So thank you Audible for this great feature.
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I got this weird Twitter App notification on my iPhone today.
At the age of information overflow, I have absolutely no interest in knowing who followed whom. Let alone get a push notification on my iPhone for that. So why did I get it? By mistake? Very unlikely. The message is formed to tell me about who followed whom. Only thing I can think of is the ridiculous idea that this is some sort of new Twitter Ad being tested. I searched and found reports of what seems to be a new kind of Twitter notification Ad being tested. However even these reports seem different in context. They’re promoting tweets or users. Not simply telling me a user has been followed! Either way, I hope none of these notification ads ever make it. At least not without opting in for them. We are fighting hard to keep our phones spam free from SMS. Who would want to receive ad notifications for things he didn’t opt-in for in the first place? I can understand push notification about iPhone sales if I like iPhones. But push notifications for tweets and follows as a form of ad is absurd. I don’t even get notifications for my own followers. Let alone someone I don’t know or care about.
Did anyone get something similar recently?
Last week I made a booking online through FlyDubai.com for a relative using my credit card, which has been safe and secure till then. Next morning I got a call from my bank NBK telling me there has been a declined attempt using my card at Dubai eGovernment website. Ofcourse I hadn’t. And thanks to NBK for having such fraud detection system in place. Luckily the attempt didn’t go through. But now they had to cancel my card, and start issuing another one. Ofcourse I can’t tell you about the fun time I’ll have updating all these sites with automatic billing with my new credit card. Best of which should be PayPal and Google Wallet.
But how did this happen? I haven’t used my card with anything relating to UAE for a while, except this FlyDubai. So the only logical explanation is that, this fraudulent attempt was related to my online booking through their site. Now I’m not accusing Flydubai of running this scam in anyway. But it does seem however that they run a low kind of security on customer credential info, with no proper auditing nor control over who has access to these credentials. This is what most likely is happening.
- FlyDubai are storing credit card numbers in clear somewhere, rather than just last four digits. Perhaps with the good intention of verifying real card holder upon ticket issuing, though not justifiable.
- No proper auditing is kept over who access what information.
- Insider with proper access rights is picking random credit cards and trying them online.
- CVV is not stored with the credit card, as they don’t need it to verify the card holder. Hence the insider has to guess the CVV, thus transaction was declined.
To that, I hope FlyDubai will look into this deeply, and take strong action to avoid more damage, as I for one won’t be using my credit card with them anytime soon. Other travelers might less-alert banks, and might be less aware of potential threats. This could go unnoticed for a while on them.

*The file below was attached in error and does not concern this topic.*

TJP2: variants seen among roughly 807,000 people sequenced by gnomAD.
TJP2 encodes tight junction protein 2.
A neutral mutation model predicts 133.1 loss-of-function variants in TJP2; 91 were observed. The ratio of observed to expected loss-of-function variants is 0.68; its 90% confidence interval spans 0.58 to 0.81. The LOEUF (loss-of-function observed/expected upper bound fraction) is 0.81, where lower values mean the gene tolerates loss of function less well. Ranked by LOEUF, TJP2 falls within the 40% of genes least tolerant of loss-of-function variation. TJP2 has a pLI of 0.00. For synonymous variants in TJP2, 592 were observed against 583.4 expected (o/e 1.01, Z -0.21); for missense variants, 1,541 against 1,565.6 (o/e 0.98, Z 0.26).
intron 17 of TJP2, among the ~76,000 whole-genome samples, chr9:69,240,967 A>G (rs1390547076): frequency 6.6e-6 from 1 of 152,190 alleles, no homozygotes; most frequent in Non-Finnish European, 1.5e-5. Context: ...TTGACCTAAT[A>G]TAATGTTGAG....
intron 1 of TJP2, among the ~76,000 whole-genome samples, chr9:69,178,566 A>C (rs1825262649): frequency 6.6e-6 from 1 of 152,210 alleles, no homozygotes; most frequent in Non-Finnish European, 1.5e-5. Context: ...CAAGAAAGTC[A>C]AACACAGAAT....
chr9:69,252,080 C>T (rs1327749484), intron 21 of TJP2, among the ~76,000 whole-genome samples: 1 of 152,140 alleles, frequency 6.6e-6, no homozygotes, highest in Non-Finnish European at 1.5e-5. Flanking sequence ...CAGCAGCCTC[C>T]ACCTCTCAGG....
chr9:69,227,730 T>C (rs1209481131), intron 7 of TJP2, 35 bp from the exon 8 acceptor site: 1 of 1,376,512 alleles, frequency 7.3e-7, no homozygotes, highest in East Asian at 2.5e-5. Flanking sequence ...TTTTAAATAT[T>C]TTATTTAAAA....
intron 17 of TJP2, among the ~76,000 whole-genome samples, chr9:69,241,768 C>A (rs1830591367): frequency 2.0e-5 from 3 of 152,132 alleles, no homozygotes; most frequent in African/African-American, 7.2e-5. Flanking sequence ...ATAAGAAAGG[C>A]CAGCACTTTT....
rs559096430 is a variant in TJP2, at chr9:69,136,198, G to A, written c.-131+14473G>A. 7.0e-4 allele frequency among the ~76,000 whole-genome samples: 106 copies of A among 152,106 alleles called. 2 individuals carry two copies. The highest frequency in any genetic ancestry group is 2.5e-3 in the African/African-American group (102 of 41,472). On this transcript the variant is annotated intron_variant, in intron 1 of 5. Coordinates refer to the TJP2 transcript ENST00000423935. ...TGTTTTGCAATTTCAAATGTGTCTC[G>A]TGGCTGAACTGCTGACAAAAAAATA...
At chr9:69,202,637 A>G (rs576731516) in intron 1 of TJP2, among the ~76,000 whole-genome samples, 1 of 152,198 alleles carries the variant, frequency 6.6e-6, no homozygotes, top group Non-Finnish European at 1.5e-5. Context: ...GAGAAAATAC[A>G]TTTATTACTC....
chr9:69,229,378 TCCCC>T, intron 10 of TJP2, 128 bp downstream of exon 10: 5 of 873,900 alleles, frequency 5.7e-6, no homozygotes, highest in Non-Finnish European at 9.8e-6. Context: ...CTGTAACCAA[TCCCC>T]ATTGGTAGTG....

Anyone else booked through FlyDubai.com? Did you have similar incidents?
Last month I placed an order on June 8 with XCite.com for Last Of Us Special Edition as a pre-order using Knet online payment. Game was supposed to come out Friday June 14th. Thursday they called telling me game will be late and delivered only on Sunday I think. This was a disappointment, as we all know the game already sells in Kuwait market a day or two before it’s official release. I said ok, but didn’t feel so comfortable. So I bought another regular copy from Blink.com, deciding to sell the other copy if it arrives, and keep the special edition items. Saturday they call again to tell me the game won’t be delivered even on Tuesday, and they don’t have a date yet. Some pre-order that is! I told him people have already finished the game twice probably and I’m still waiting for their delivery. He said it is stuck in customs and they can’t help it. I told him I want it canceled. He offered Web store credit or refund. I opted for refund, but I was shocked to hear it takes 3-4 whole weeks to get the 25 KD refund back. I was pissed off, but let it go.
Today it is July 26, six weeks since I canceled my order, and still nothing! I called yesterday afternoon and they told me someone will call from the web support in an hour or after futoor. So they call center they advertise on their site doesn’t get you to the web support team, and that’s a separate one. Needless to say no one ever called. I called again today at about 2 PM and explained my problem and how they ignored me. The guy on the line with classic defense style replied “No, no one ignored you. They were probably just too busy” Really? I told him if you’re too busy you can’t call back customers for a whole day, you should stop selling stuff. I mean that means you’re making big amount of money. And from my sources, I know they are.
Anyways, he again promised someone will call tonight. I countered what if no one does. He said call again tomorrow and we will open complain again. Huh? Are you even hearing yourself? I kept asking him to open complain for a customer support manager, and he kept replying his manager is not responsible, it should go to web support team which includes their manager. And when someone calls me from them, I can ask him to file complain to the manager. Problem is, no one called! And it’s been six weeks, so that should’ve been a sign I should have some priority in resolving my matter.
That is what truly happens behind the scenes at XCite. However if you tweet something bad about them on Twitter, you immediately get this kind of response.
They did not reply to my last two questions. It’s sad and pathetic that such big companies would treat you differently if you call and inquire through their formal channels, than if you deface them online. I have already called my bank and they told me to file official report of the incident against them.